Neil Thomas (5/23/2012)
So that means that when xact_abort is set to off then
does not do as expected.
What's the default setting on a fresh install of SQL?
I guess that depends on the expectation. The code in this QotD contains no error-handling and an unconditional COMMIT statement.
For handling SQL Server errors, it is important to realize that various errors have various effects on running code. Off the top of my head, the potential effects are:
* Compile-time error - the entire batch is not executed; including statements BEFORE the one that causes the error (because the batch is compiled as a whole before execution starts). Execution halts.
* Statement-aborting - running statement is rolled back; transaction is left intact; execution continues.
* Transaction-invalidating - running statement is rolled back; transaction is marked invalid (meaning you'll get an error if you try to commit); execution continues.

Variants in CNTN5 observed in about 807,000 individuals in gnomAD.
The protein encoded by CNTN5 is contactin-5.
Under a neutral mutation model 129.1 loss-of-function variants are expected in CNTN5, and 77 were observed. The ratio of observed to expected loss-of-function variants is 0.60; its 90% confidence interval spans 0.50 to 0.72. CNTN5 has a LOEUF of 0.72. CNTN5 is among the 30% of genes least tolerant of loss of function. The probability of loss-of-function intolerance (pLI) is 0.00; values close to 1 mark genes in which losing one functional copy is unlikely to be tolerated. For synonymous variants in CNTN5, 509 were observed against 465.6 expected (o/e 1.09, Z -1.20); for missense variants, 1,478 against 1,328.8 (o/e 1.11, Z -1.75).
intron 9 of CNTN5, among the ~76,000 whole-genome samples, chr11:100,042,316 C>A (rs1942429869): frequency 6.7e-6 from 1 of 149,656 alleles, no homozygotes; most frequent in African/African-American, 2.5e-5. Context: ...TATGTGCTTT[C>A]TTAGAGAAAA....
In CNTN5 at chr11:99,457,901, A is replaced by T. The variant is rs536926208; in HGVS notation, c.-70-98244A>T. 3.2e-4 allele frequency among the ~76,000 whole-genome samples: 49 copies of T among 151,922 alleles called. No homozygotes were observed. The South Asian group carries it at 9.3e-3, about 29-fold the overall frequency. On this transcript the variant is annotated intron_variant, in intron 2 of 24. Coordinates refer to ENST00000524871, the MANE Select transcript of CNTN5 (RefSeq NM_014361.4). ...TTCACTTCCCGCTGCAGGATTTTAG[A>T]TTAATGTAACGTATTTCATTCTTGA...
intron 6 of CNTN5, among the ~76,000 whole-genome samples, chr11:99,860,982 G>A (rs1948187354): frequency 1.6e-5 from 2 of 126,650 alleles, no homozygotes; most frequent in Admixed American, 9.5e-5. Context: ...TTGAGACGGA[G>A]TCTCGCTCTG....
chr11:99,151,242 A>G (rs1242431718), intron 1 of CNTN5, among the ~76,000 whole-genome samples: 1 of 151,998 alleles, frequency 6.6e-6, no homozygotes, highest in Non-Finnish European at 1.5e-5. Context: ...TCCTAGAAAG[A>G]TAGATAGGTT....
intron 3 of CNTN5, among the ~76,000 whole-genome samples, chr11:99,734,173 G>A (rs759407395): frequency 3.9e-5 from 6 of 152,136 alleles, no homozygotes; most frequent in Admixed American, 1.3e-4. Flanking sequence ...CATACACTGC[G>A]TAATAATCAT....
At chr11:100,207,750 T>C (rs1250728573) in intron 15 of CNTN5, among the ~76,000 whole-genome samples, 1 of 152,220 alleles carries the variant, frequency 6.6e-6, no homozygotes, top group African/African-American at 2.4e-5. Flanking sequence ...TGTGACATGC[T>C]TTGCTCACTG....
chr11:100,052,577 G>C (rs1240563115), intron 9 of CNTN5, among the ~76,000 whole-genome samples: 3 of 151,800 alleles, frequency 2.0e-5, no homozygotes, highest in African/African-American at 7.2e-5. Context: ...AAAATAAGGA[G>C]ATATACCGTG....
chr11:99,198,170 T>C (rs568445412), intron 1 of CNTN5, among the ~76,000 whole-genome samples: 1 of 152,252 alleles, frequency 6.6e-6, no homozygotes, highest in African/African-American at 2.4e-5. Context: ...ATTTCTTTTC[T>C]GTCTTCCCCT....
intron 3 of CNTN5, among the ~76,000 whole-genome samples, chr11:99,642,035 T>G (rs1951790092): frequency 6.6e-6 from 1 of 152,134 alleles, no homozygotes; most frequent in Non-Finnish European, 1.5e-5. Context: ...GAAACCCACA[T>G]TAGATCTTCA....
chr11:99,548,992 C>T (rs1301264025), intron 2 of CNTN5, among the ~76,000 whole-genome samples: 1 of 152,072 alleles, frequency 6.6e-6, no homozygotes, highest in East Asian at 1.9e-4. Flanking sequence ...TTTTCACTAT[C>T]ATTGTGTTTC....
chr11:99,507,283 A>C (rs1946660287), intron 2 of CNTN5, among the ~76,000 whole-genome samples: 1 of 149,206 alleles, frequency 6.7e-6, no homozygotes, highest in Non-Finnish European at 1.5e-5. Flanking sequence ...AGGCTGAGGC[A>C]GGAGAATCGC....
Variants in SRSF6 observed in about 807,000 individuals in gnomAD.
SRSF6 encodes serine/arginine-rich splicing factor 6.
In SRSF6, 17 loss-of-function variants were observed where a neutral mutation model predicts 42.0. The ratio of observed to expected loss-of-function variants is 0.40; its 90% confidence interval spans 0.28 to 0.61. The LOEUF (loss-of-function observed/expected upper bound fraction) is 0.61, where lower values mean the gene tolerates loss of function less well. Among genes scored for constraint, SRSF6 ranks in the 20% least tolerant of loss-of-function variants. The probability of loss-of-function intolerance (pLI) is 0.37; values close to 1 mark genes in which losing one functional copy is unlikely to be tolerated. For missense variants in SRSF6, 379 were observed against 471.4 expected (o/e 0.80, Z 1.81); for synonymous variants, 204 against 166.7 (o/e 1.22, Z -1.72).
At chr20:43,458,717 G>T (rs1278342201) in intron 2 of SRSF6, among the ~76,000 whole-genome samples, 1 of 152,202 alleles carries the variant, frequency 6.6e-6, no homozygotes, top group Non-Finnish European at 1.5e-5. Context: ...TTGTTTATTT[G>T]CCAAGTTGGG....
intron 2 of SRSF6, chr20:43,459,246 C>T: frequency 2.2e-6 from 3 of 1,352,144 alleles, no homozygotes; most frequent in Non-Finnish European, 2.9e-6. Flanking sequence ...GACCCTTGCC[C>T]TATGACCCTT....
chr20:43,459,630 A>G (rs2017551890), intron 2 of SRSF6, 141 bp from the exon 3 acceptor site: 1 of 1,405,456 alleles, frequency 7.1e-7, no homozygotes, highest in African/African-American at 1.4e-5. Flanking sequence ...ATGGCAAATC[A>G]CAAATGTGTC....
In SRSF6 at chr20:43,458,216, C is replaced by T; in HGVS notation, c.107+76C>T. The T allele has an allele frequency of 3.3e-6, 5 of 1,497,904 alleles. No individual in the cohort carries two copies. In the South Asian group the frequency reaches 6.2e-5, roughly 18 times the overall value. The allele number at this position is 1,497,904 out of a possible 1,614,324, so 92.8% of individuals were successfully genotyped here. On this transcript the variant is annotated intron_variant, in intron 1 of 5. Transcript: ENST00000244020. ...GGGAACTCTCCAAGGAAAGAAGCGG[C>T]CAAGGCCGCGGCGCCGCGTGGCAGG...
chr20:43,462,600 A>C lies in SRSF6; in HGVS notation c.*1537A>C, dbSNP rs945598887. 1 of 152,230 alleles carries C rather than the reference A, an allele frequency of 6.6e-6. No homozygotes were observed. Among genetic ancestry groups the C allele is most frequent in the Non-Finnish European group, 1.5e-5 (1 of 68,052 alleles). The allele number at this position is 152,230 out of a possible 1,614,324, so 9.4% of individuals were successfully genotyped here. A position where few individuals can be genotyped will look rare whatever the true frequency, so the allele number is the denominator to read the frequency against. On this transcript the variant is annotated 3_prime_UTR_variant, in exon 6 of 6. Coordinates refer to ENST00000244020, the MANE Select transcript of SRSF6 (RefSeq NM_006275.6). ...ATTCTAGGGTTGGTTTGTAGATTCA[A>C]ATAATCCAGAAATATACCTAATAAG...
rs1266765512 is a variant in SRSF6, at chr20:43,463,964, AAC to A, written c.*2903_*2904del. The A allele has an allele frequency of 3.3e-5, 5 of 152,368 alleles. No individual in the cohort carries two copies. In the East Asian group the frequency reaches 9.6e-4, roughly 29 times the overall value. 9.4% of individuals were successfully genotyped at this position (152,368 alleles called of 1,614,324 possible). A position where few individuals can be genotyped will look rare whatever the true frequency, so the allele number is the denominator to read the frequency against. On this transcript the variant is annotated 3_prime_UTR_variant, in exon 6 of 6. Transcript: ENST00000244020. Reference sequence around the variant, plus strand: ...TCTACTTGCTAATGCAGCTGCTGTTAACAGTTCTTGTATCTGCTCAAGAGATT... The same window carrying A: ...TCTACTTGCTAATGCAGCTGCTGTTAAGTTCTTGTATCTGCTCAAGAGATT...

* Transaction-aborting - running statement and open transactions (if any) rolled back; execution continues. You'll get an error if you execute a commit or rollback statement after this.
* Batch aborting - running statement is rolled back. I don't know if transaction is rolled back or left open (sorry). Rest of batch is not executed; execution continues at next batch.
* Connection aborting - running statement and open transactions rolled back; connection dropped (so all execution halts). This only happens in the case of some very severe errors (like drive failures or so).
For a very complete discussion on this subject, read http://www.sommarskog.se/error_handling_2005.html
Hugo Kornelis, SQL Server MVP
Visit my SQL Server blog: http://sqlblog.com/blogs/hugo_kornelis